It’s hard to find someone who hasn’t been fascinated with the Egyptian history at one point or another during their lives. The mystery of the Pyramids, the fascination for the mummification process or just the idea of soaking up the sun on one of the beaches brings millions of visitors to Egypt every year.
Visit the Giza Plateau
Located on the outskirts of Cairo, the Giza Plateau is where you can find Giza Necropolis. The Necropolis comprises the Great Pyramids, the Great Sphinx, several cemeteries, a workers’ village and an industrial complex.
The Pyramids were popularized during the Hellenistic times when the Great Pyramid was listed as one of the Seven Wonders of the Ancient World. Today, it’s the only wonder of Ancient world still standing.
You can visit the Pyramids as part of an organized day tour from Cairo , but you can also go there independently. The area is well known for the tourist traps, so be alert and exercise common sense.
Pay your respects at the tombs in the Valley of the Kings
The valley is located opposite Luxor (ancient Thebes), within the heart of the Theban Necropolis. The area is famous for being home to the tomb of Tutankhamun but tombs have been constructed here for a period of 500 years.
Most of the tombs are closed to the public. There are 18 of them which can be open but they are rarely open at the same time. It is no longer possible to take photos inside the tombs and the tour guides aren’t allowed to give lectures inside the tombs anymore.
The west bank necropolis is divided into zones and sub-zones; the Valley of the Kings is only one of the zones. So which tombs can be seen here? Some of the most famous are: Tutankhamun, Ramesses IV, Ramesses IX, Merneptah, Ramesses VI, Ramesses III , Seti I, Tuthmosis III, Amenhotep II and Horemheb.
It’s best to plan this day trip with a guide. You can choose private guides if you want more insight (and you are not fond of large groups). If you have time, the near-by Valley of the Queens and the Valley of the Nobles are equally interesting.
Visit the Abu Simbel temples
Close to Aswan, on the western bank of Lake Nasser, there are the two massive rock temples , known as the Abu Simbel temples. The temples were carved out of the mountainside during the reign of Pharaoh Ramesses II (13th century BC) .
The entire site has been relocated in 1968 on an artificial dam. The reason? They didn’t want the temples to be submerged when Lake Nasser was created.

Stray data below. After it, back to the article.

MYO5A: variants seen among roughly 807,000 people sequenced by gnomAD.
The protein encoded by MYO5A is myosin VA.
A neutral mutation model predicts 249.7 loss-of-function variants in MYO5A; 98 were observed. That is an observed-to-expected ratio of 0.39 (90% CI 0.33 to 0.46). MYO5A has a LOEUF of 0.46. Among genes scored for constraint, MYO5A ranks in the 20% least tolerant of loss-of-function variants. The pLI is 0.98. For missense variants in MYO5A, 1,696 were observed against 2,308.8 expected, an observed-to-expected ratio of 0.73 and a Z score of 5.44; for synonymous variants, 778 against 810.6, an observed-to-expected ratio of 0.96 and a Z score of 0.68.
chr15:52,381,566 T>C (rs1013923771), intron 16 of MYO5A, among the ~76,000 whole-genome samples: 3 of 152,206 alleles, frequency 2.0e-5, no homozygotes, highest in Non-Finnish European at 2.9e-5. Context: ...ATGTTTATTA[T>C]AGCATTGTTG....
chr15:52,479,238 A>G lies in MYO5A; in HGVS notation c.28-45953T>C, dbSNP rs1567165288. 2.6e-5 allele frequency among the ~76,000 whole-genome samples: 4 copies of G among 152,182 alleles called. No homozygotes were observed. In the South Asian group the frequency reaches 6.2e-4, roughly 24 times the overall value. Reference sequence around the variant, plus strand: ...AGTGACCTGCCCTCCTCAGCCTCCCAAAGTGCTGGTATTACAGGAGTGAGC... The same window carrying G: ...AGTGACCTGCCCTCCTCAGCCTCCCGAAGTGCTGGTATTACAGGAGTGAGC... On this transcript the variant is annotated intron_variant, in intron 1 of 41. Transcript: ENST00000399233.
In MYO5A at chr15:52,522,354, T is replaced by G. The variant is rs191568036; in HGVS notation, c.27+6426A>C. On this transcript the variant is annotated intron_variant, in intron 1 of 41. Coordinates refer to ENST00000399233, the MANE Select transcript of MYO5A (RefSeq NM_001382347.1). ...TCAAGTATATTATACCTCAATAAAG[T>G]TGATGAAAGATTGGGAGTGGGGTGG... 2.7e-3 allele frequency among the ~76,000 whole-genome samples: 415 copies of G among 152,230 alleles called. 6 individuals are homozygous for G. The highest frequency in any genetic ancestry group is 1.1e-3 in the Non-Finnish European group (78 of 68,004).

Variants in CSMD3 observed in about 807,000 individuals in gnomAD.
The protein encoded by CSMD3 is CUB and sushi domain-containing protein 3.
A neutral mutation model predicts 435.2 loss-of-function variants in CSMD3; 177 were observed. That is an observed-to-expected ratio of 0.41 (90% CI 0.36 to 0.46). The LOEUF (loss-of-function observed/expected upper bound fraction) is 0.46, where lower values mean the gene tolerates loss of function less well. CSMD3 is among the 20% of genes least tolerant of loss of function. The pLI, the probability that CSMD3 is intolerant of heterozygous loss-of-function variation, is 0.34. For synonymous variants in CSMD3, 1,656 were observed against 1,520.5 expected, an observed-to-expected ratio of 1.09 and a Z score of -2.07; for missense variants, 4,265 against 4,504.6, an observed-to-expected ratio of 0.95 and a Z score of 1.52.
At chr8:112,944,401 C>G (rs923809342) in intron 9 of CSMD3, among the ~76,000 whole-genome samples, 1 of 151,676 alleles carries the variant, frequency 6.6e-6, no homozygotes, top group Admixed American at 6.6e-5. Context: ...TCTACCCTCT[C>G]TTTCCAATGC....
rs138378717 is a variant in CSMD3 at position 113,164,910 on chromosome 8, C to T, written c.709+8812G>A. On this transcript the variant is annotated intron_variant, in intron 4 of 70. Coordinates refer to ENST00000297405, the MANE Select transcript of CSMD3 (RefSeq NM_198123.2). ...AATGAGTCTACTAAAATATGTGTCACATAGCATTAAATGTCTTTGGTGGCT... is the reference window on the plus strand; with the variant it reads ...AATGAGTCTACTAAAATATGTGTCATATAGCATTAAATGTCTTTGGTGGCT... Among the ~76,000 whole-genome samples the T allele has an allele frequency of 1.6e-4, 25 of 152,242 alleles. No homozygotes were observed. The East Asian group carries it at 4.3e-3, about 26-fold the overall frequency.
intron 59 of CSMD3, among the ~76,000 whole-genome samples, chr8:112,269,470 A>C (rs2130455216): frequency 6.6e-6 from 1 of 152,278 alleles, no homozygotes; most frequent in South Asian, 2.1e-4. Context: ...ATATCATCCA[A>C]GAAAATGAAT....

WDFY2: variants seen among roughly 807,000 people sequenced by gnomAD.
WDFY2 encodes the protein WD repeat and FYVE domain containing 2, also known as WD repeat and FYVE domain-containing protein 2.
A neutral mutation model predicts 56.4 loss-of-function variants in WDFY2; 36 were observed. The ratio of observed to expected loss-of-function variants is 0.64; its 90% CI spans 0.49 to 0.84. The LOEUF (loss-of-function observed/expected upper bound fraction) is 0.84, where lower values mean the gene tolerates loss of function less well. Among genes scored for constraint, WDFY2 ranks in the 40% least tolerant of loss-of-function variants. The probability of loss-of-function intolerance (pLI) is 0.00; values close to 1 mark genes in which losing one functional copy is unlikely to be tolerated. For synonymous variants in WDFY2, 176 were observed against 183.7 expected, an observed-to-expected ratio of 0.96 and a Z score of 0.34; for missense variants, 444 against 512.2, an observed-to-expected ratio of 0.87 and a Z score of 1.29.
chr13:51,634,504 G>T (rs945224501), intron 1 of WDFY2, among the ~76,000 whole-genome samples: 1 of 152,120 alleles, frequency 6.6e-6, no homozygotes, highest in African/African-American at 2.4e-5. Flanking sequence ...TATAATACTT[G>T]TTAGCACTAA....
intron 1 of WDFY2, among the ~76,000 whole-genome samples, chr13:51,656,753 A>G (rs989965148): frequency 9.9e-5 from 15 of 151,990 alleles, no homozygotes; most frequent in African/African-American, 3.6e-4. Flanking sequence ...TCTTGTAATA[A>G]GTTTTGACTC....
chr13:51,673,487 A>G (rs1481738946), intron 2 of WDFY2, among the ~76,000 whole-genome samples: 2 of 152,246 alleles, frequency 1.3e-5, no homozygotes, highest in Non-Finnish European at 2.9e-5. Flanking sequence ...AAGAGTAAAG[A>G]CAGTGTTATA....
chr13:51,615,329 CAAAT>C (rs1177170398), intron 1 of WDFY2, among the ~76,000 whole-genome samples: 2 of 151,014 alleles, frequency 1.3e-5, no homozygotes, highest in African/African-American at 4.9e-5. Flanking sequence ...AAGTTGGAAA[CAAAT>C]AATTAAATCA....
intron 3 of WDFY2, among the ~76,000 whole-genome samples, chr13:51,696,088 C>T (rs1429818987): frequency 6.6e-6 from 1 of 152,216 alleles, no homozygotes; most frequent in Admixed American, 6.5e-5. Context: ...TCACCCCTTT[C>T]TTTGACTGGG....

The Great Temple at Abu Simbel was dedicated to the gods Amun, Ra-Horakhty, Ptah and deified Rameses. It is considered the most beautiful temple built during Ramesses’s reign.
The Small Temple (The temple of Hathor and Nefertari) was dedicated to the goddess Hathor and Nefertari, Ramesses II’s chief consort. It’s the second ever temple in Egypt’s history dedicated to a queen.
Climb Mount Sinai
Located in the Sinai Peninsula, it is the traditional and most accepted identification of the Biblical Mount Sinai. The biblical mountain is mentioned in the Bible, Torah and the Quran. It is the place where Moses received the Ten Commandments (according to the Christian, Jewish and Islamic tradition).
At the foot of modern Mount Sinai, there is St. Catherine’s Monastery. It is Greek Orthodox and is considered the oldest working Christian monastery in the world.
There are two main routes to the summit. The longer (and easier) one takes about 2 ½ h on foot. The shortest starts behind the monastery and you get to climb the 3,750 “steps of penitence”.
The summit has a mosque (still in use), a Greek Orthodox chapel (not open for the public) and Moses’ cave.
Egyptian Museum of Antiquities
The museum located in Cairo houses more than 120,000 artifacts, spanning from the early dynasties to the Roman Egypt and is the largest collection of this kind in the world.
Allow for at least half a day to visit the museum’s highlights. And if you want to see more, plan for an entire day here.
Alexandria is Egypt’s second largest city. It was founded by Alexander the Great and used to be home to the Lighthouse of Alexandria (on the island of Pharos) and the Library of Alexandria – second largest library in the world. It served as capital of Egypt for a millennium.
There are a lot of historical monuments to visit in the city and the museums are also worth your time. Don’t miss the Citadel of Qaitbay, the Roman Theatre and Pompey’s Pillar.
Soak up the sun, snorkel/dive at the Red Sea
The waters of the Red Sea are among the best places to snorkel/dive in the entire world. If you are not into this type of exploration, just sit back and soak up the sun. Sharm el-Sheik is probably the most well known resort town in the area.
A cruise on the Nile
Yes, it’s cliché, but if you like this to explore an area by river, the Nile is best seen from a aboard a felucca (wooden boat) . The river cruises depart from Aswan and there are plenty of them to choose from.
Shopping in Khan-el Khalili bazaar
Cairo’s Khan-el Khalili bazaar is the place to visit if you like haggling for spices, perfume and different souvenirs. When you are too tired, stop for a tea or coffee.
Visit an Oasis
Siwa Oasis is home to the ruined 13th-century fortress ruins of Shali, which is best climbed either early in the day or for the sunset (because of the heat). Siwa is one of Egypt’s most isolated settlements. In ancient times it was the home of an oracle of Amon, the ruins of which are a popular tourist attraction. It is also an excellent base for trips into the desert.